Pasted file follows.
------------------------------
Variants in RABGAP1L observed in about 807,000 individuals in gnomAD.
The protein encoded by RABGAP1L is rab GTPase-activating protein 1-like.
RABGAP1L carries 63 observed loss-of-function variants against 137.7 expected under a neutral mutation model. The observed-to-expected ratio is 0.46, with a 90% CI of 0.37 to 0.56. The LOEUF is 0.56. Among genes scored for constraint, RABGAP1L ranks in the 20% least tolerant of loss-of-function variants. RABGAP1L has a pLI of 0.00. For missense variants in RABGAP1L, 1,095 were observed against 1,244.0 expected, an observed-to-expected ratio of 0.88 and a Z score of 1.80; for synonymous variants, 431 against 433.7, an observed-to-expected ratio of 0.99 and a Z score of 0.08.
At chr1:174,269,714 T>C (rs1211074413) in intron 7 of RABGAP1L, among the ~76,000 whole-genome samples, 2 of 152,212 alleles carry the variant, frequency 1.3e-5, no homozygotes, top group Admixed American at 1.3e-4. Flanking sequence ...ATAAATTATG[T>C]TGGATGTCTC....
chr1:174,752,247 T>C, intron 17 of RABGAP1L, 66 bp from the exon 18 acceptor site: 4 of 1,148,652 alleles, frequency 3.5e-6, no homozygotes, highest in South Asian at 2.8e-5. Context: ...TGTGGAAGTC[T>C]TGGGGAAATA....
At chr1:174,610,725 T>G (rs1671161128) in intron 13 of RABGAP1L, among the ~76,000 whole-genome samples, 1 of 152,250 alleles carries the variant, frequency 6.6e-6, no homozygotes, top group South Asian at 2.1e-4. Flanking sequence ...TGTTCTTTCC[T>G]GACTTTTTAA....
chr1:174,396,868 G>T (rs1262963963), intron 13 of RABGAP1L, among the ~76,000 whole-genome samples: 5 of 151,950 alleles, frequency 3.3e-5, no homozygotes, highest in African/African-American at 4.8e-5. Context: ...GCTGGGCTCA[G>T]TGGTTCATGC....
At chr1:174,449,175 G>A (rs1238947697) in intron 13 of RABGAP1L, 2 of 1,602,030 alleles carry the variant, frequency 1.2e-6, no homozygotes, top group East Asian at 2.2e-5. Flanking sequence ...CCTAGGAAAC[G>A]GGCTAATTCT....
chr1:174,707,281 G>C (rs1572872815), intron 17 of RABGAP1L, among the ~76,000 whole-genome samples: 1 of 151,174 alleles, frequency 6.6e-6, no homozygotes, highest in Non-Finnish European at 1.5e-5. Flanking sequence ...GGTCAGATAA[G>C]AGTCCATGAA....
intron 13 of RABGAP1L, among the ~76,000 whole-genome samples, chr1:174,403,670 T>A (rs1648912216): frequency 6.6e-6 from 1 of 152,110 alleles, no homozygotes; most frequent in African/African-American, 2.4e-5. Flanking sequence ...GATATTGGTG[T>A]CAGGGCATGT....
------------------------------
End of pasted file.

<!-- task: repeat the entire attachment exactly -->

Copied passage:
Variants in RABGAP1L observed in about 807,000 individuals in gnomAD.
The protein encoded by RABGAP1L is rab GTPase-activating protein 1-like.
RABGAP1L carries 63 observed loss-of-function variants against 137.7 expected under a neutral mutation model. The observed-to-expected ratio is 0.46, with a 90% CI of 0.37 to 0.56. The LOEUF is 0.56. Among genes scored for constraint, RABGAP1L ranks in the 20% least tolerant of loss-of-function variants. RABGAP1L has a pLI of 0.00. For missense variants in RABGAP1L, 1,095 were observed against 1,244.0 expected, an observed-to-expected ratio of 0.88 and a Z score of 1.80; for synonymous variants, 431 against 433.7, an observed-to-expected ratio of 0.99 and a Z score of 0.08.
At chr1:174,269,714 T>C (rs1211074413) in intron 7 of RABGAP1L, among the ~76,000 whole-genome samples, 2 of 152,212 alleles carry the variant, frequency 1.3e-5, no homozygotes, top group Admixed American at 1.3e-4. Flanking sequence ...ATAAATTATG[T>C]TGGATGTCTC....
chr1:174,752,247 T>C, intron 17 of RABGAP1L, 66 bp from the exon 18 acceptor site: 4 of 1,148,652 alleles, frequency 3.5e-6, no homozygotes, highest in South Asian at 2.8e-5. Context: ...TGTGGAAGTC[T>C]TGGGGAAATA....
At chr1:174,610,725 T>G (rs1671161128) in intron 13 of RABGAP1L, among the ~76,000 whole-genome samples, 1 of 152,250 alleles carries the variant, frequency 6.6e-6, no homozygotes, top group South Asian at 2.1e-4. Flanking sequence ...TGTTCTTTCC[T>G]GACTTTTTAA....
chr1:174,396,868 G>T (rs1262963963), intron 13 of RABGAP1L, among the ~76,000 whole-genome samples: 5 of 151,950 alleles, frequency 3.3e-5, no homozygotes, highest in African/African-American at 4.8e-5. Context: ...GCTGGGCTCA[G>T]TGGTTCATGC....
At chr1:174,449,175 G>A (rs1238947697) in intron 13 of RABGAP1L, 2 of 1,602,030 alleles carry the variant, frequency 1.2e-6, no homozygotes, top group East Asian at 2.2e-5. Flanking sequence ...CCTAGGAAAC[G>A]GGCTAATTCT....
chr1:174,707,281 G>C (rs1572872815), intron 17 of RABGAP1L, among the ~76,000 whole-genome samples: 1 of 151,174 alleles, frequency 6.6e-6, no homozygotes, highest in Non-Finnish European at 1.5e-5. Flanking sequence ...GGTCAGATAA[G>C]AGTCCATGAA....
intron 13 of RABGAP1L, among the ~76,000 whole-genome samples, chr1:174,403,670 T>A (rs1648912216): frequency 6.6e-6 from 1 of 152,110 alleles, no homozygotes; most frequent in African/African-American, 2.4e-5. Flanking sequence ...GATATTGGTG[T>A]CAGGGCATGT....